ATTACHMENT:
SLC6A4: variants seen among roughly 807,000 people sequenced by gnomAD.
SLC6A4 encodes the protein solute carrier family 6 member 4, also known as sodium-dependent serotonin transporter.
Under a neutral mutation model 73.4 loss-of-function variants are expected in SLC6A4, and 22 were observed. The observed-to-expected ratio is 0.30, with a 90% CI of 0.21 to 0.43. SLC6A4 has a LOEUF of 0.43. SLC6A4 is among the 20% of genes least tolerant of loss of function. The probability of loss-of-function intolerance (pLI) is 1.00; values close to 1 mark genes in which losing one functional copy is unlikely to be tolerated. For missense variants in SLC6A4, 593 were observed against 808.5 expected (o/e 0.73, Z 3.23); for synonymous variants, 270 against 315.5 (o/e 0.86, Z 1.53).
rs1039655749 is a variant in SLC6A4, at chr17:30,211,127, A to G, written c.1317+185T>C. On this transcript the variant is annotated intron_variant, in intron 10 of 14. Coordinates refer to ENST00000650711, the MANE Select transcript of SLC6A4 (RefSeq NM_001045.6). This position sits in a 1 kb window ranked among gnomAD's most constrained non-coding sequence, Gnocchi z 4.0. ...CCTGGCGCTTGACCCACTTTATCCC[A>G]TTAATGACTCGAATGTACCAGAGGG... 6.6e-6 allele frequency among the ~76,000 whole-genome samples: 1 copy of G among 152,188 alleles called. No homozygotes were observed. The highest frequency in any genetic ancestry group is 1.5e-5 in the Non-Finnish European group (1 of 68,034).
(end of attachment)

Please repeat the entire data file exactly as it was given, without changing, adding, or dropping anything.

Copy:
SLC6A4: variants seen among roughly 807,000 people sequenced by gnomAD.
SLC6A4 encodes the protein solute carrier family 6 member 4, also known as sodium-dependent serotonin transporter.
Under a neutral mutation model 73.4 loss-of-function variants are expected in SLC6A4, and 22 were observed. The observed-to-expected ratio is 0.30, with a 90% CI of 0.21 to 0.43. SLC6A4 has a LOEUF of 0.43. SLC6A4 is among the 20% of genes least tolerant of loss of function. The probability of loss-of-function intolerance (pLI) is 1.00; values close to 1 mark genes in which losing one functional copy is unlikely to be tolerated. For missense variants in SLC6A4, 593 were observed against 808.5 expected (o/e 0.73, Z 3.23); for synonymous variants, 270 against 315.5 (o/e 0.86, Z 1.53).
rs1039655749 is a variant in SLC6A4, at chr17:30,211,127, A to G, written c.1317+185T>C. On this transcript the variant is annotated intron_variant, in intron 10 of 14. Coordinates refer to ENST00000650711, the MANE Select transcript of SLC6A4 (RefSeq NM_001045.6). This position sits in a 1 kb window ranked among gnomAD's most constrained non-coding sequence, Gnocchi z 4.0. ...CCTGGCGCTTGACCCACTTTATCCC[A>G]TTAATGACTCGAATGTACCAGAGGG... 6.6e-6 allele frequency among the ~76,000 whole-genome samples: 1 copy of G among 152,188 alleles called. No homozygotes were observed. The highest frequency in any genetic ancestry group is 1.5e-5 in the Non-Finnish European group (1 of 68,034).